It took Omar a few hours to understand it all. First: the leather pumps, with the shiny bangles at their heels, in the doorway. Then: the snake-skin purse on the couch. Then: that silk scarf draped over a chair. Then it seemed like another day went by and he’d find the little vest on the cutting board in the kitchen, a single thigh-high on the washing machine, another one on the toilet seat. Soon enough, the blouse, the skirt, panties, bra, until she was gone.
When he couldn’t find her slouching on the couch staring at the ruins of television, and he couldn’t find her with the girls — who were playing some unnerving game that looked like it involved binding and beheading undressed Barbies — and when she wasn’t in the bathroom crying or cursing or cooking up whatever last scraps she could find in the kitchen, he panicked and never thought to look at the one place that had become his: The Bedroom.
He only went in when he contemplated calling the police, and there she was. His wife, on formerly-theirs and currently-his sheet, without a single stitch of clothing on. Roya Sanjabi’s eyes were as open as ever, looking at him earnestly like a marble nude regards its flesh-and-bone clothed audience, without any fear or shame, with pureness and dignity, as if any dirty thoughts the audience was entertaining was simply their problem, not at all related to the fact of the statue’s brazen indecency.
“Roya, what are you doing?” he cried, but the obscenity did not altogether displease him. It had occurred to him one night, as her pacing in the living room kept bringing him in and out of his sleep — his usual dirty dreams flashing in and out, like a single porn flick put on a program of strangely-rhythmed pause and play — that instead of this being their Longest Fight — anyone’s Longest Fight! — it could have been their Longest LS. LS was the name Roya and Omar had come up with one night watching an old movie on the old movie program on TV, and they had heard the blonde-haired black-and-white ingenue sing of “starry nights/ days so short/ kisses, hugs/ and love sports!” They immediately made “love sports” or LS their code for sex for increased discretion around the kids. They loved their code so much they began constantly calling it that. But in that time of the Fight, Omar thought of it sadly, a time not too long ago — in fact he could remember their first American love-making: in the Position of Dog, on a bare mattress they had bought second-hand — that they could not get their hands off each other, when the Longest LS would have been a dream instead of this nightmare.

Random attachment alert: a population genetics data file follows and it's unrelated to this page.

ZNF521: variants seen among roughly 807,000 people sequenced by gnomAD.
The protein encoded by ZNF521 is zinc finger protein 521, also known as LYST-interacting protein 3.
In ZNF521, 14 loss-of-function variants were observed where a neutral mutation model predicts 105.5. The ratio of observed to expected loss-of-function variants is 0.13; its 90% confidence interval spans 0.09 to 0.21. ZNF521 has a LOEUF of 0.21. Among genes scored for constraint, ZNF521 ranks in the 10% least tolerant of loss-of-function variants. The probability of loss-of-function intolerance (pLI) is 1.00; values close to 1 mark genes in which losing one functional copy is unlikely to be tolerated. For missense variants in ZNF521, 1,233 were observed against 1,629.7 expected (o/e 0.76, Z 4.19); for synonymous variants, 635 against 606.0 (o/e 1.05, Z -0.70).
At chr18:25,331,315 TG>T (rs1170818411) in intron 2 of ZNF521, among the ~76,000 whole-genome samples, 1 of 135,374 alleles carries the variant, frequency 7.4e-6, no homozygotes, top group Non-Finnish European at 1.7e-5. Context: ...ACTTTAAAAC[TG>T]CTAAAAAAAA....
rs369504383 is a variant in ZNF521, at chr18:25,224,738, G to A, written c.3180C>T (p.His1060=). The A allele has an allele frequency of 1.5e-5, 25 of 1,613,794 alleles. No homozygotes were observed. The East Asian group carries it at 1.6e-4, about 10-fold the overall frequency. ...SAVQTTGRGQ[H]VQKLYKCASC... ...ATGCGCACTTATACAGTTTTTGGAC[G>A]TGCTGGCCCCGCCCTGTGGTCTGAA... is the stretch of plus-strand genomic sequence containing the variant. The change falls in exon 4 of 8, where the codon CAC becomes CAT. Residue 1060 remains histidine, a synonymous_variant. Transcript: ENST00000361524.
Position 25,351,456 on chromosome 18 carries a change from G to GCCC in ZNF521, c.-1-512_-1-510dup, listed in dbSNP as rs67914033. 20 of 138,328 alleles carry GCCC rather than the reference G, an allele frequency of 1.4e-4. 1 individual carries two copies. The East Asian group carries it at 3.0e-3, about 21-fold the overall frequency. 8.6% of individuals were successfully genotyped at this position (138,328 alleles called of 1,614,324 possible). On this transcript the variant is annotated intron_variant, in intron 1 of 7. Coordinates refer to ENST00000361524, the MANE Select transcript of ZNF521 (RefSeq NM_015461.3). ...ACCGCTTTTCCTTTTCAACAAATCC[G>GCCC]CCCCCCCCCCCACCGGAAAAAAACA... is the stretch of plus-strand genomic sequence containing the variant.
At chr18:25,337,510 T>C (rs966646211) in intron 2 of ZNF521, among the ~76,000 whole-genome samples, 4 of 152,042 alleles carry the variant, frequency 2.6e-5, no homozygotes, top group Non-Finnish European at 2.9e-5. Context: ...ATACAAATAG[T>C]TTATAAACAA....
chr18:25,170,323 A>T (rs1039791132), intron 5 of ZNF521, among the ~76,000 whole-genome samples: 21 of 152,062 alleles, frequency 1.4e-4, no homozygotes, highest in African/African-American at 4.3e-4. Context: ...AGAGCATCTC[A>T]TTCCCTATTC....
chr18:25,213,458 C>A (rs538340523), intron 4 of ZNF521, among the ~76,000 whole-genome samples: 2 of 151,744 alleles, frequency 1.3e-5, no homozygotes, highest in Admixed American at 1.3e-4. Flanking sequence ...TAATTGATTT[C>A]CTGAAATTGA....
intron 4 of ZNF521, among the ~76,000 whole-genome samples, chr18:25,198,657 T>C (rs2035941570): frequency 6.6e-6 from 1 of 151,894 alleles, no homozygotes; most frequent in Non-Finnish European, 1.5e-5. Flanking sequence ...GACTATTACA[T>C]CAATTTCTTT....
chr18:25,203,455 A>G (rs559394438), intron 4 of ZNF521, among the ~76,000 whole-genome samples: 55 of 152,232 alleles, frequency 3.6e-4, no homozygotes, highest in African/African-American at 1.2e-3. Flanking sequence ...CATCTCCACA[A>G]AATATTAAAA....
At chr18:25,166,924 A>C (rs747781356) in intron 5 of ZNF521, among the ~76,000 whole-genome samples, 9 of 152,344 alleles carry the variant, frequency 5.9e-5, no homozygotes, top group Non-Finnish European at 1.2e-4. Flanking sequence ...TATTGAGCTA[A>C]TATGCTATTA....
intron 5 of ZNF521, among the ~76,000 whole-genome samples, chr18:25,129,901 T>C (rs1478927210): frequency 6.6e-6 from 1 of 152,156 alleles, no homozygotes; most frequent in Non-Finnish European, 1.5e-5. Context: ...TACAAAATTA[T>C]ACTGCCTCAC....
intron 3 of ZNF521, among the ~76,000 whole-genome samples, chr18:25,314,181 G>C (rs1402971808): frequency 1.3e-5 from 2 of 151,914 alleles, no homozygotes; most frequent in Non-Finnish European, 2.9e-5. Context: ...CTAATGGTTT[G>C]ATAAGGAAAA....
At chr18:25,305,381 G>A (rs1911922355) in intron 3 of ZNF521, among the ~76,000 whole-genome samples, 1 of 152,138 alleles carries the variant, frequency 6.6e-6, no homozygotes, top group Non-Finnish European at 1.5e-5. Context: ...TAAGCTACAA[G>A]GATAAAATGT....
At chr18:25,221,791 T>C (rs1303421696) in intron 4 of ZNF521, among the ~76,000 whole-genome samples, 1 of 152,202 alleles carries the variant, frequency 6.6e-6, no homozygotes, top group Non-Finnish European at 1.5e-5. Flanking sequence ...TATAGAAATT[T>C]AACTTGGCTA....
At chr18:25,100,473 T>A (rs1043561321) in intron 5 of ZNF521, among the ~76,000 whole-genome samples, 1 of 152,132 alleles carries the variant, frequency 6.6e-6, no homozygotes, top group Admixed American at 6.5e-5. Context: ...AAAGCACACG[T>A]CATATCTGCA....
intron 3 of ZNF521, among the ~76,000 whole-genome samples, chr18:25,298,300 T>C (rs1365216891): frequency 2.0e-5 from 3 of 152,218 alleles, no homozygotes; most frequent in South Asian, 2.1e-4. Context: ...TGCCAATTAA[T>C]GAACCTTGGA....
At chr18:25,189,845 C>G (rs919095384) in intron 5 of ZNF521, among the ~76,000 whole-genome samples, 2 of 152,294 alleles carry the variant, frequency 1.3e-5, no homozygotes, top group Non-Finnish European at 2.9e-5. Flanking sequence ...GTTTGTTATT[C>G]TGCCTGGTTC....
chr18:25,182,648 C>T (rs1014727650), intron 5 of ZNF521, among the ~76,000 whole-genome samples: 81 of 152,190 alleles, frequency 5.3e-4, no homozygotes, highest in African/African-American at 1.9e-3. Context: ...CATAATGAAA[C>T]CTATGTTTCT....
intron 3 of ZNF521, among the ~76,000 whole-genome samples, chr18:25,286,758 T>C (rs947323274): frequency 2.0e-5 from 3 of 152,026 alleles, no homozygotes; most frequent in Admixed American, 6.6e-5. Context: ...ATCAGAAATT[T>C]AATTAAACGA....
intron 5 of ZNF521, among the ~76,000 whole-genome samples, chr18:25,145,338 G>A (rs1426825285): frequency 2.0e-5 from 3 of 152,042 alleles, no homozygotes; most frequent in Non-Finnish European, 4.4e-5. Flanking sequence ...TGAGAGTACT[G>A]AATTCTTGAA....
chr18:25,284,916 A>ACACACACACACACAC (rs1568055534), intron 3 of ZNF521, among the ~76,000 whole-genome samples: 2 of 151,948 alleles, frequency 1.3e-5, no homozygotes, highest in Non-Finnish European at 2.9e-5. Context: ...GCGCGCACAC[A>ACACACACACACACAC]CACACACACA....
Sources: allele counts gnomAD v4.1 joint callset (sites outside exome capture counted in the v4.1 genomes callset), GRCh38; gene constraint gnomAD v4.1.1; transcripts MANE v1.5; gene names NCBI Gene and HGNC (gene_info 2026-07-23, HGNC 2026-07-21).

Her body looked very pale and a bit sick even. When she spoke her voice was dry and weak like a stale sand sandwich. “Omar, I have to tell you, I am really not well. I cannot go on. As a last attempt to save us, all of us, I WILL call the police.”
And as if he had just walked in right in time for some dinner theater climax, that naked wife of his turned to her nightstand and reached for the phone.
He shrugged, with genuine despair.
It took a chain of “hellos,” one more frantic than the other, for her to stop and just drop the phone, shaking violently, eyes flashing with hate, the only upside being that her body gained some much-needed color from all the passion.
“You murderer! You did not! You did not, Omar, my God, you did, you did, you did!!!”
He shook his head. “Roya, it wasn’t me,” Omar said softly. “They cut off the phone. We didn’t pay the first bill. We were already late and then…”
“I don’t believe you!” she snapped, pulling the sheets over her. He wondered if it had all been a ploy, her naked body as an offering, until it was clear she would not get her way.
After a moment of silence, she suddenly sobbed, “Omar, the phone is really cut off already? My God, Omar, how many days has it been? How many? Can you tell me?”
He shook his head. He really couldn’t.
“What have we done, Omar?” Roya cried, her body trembling violently with hard sobs.
But all he could do was continue shaking his head, not out of confusion, but out of anguish. It was clear as night. The kingdom had fallen.